While the macroeconomic environment may change over time, the characteristics of a good company stock do not.
This article will explain how to evaluate the company's financial characteristics and how to know if a company is a good investment.
Stable and growing earnings, high return on equity (ROE), high dividend yield and positive cash inflow are timeless indicators of companies' financial success that might be good investments.
Stable and growing earnings
Earnings are essential for a stock to be considered a good investment. Earnings can be evaluated in any number of ways, but three of the most prominent metrics are growth and stability.
Earnings growth is usually described as a percentage, in periods like year-over-year. The basic premise of earnings growth is that the current reported earnings should exceed the previously reported earnings.
Earnings stability is a measure of how consistently those earnings have been generated over time. Stable earnings growth typically occurs in industries where growth has a more predictable pattern.
Return on equity (ROE) measures the ability of a company's management to turn a profit on the money that its shareholders have entrusted it with.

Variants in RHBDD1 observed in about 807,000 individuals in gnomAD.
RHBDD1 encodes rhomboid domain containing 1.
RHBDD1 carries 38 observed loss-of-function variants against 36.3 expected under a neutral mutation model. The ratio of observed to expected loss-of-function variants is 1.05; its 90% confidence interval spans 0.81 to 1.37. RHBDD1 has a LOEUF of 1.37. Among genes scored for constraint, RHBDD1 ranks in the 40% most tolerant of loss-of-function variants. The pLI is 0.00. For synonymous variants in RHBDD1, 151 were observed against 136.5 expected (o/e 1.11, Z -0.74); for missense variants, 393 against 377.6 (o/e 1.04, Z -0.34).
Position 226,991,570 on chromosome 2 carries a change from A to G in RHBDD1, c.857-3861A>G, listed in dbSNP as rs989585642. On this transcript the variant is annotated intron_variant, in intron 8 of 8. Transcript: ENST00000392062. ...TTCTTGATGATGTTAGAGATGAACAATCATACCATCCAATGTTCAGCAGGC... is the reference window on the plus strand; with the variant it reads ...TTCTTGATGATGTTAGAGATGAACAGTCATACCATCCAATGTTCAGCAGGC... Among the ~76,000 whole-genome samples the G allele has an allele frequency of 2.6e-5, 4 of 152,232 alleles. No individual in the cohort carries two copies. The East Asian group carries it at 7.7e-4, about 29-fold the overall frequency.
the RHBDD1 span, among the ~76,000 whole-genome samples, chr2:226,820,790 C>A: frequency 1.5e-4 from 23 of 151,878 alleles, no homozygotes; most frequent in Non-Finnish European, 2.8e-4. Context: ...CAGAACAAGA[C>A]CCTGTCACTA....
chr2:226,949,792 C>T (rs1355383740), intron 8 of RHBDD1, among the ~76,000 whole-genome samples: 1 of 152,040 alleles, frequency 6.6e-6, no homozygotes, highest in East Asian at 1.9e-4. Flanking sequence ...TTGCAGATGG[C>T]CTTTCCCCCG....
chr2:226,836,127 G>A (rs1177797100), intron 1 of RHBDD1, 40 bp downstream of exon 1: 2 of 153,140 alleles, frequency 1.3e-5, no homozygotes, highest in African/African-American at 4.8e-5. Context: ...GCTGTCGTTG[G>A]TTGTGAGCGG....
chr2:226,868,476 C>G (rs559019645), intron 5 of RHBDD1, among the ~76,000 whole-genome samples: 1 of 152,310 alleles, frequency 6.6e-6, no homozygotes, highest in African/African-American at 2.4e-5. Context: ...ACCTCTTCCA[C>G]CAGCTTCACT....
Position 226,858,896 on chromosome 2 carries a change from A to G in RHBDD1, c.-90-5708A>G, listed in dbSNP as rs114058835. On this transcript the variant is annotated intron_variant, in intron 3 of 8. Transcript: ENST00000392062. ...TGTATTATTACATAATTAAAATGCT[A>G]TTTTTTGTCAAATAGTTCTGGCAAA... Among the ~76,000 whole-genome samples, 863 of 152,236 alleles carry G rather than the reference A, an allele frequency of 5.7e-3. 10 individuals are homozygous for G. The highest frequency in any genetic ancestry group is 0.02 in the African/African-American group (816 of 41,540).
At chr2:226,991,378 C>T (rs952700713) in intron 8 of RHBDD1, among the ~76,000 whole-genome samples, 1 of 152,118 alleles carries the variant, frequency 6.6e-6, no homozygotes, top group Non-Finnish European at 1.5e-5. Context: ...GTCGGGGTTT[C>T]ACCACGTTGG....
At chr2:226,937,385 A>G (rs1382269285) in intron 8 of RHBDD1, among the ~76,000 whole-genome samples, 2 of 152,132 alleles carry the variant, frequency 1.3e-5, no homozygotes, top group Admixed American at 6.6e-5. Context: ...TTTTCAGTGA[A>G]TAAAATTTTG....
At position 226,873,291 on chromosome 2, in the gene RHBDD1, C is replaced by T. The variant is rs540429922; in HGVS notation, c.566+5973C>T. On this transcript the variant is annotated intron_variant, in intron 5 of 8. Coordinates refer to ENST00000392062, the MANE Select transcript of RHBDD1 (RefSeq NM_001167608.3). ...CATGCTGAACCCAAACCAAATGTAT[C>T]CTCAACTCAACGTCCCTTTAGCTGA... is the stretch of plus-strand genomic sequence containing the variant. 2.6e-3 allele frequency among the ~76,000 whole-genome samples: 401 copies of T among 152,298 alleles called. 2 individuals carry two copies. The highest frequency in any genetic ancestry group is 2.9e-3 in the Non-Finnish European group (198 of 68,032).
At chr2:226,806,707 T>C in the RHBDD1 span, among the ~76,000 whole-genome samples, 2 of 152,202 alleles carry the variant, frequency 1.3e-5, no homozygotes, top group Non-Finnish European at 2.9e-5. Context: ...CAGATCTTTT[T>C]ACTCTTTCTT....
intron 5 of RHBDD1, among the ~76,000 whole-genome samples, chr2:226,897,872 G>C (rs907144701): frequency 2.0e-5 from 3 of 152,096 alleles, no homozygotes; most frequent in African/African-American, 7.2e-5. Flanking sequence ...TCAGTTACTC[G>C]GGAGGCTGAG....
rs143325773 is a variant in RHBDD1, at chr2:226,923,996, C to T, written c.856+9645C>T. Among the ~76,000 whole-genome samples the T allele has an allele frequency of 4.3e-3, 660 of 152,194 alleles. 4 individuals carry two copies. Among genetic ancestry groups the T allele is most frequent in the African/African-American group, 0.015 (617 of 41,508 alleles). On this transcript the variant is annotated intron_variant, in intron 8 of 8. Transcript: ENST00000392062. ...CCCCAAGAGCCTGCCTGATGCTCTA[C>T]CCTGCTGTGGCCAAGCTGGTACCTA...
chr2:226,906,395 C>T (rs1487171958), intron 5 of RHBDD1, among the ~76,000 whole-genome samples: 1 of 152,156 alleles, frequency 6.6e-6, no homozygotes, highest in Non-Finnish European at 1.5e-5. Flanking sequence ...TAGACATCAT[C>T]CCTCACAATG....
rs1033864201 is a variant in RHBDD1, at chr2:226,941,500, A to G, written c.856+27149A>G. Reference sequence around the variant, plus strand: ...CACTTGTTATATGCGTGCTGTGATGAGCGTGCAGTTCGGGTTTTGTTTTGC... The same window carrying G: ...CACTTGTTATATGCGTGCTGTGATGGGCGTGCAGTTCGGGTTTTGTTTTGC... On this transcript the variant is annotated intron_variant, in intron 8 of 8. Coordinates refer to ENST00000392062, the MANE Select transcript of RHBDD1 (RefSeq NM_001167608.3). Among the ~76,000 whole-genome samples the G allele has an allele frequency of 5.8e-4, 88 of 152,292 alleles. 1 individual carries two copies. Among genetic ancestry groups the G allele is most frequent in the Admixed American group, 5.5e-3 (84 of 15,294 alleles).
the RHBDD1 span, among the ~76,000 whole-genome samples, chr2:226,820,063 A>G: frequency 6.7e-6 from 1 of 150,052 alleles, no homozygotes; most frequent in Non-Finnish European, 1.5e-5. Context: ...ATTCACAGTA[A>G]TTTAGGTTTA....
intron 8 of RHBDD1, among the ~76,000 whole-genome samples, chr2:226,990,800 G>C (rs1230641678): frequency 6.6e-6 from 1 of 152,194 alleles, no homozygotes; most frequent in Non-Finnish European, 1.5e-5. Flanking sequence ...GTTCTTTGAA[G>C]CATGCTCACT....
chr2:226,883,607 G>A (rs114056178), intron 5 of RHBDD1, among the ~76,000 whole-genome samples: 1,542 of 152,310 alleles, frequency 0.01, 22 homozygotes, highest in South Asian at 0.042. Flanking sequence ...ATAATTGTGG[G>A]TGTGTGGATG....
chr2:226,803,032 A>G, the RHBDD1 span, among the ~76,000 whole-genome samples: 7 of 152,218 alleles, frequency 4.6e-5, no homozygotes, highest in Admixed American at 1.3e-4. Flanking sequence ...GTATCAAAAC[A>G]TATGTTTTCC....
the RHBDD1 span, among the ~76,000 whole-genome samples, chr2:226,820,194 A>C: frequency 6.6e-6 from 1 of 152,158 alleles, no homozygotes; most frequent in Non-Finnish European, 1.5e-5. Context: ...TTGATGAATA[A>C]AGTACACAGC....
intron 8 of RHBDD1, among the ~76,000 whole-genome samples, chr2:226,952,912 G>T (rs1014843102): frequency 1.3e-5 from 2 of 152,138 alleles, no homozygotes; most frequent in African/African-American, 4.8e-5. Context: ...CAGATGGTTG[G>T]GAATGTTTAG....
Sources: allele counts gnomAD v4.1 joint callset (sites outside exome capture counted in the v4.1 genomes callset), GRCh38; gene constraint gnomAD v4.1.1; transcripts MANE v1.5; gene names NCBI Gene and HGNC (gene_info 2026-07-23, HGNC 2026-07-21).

ROE is calculated as follows:
ROE = Net Income / Shareholders' Equity
A high ROE could mean a company is more successful in generating profit internally.
Obviously, in the absence of any earnings, ROE would be negative. It is also important to examine the company's historical ROE to evaluate its consistency. A rising ROE suggests that a company is increasing its profit generation without needing as much capital.
High dividend yield
The dividend yield—displayed as a percentage—is the amount of money a company pays shareholders for owning a share of its stock divided by its current stock price. Mature companies are the most likely to pay dividends.
While high dividend yields are attractive, it's possible they may be at the expense of the company's potential growth. It can be assumed that every dollar a company is paying in dividends to its shareholders is a dollar that the company is not reinvesting to grow and generate more capital gains.
Positive cash inflow
The term cash flow refers to the net amount of cash and cash equivalents being transferred in and out of a company.
Cash received represents inflows, while money spent represents outflows. A company's ability to create value for shareholders is fundamentally determined by its ability to generate positive cash flows.
While all of these characteristics may lead to a sound investment in a good company, none of the metrics used to value a company should be allowed to stand alone.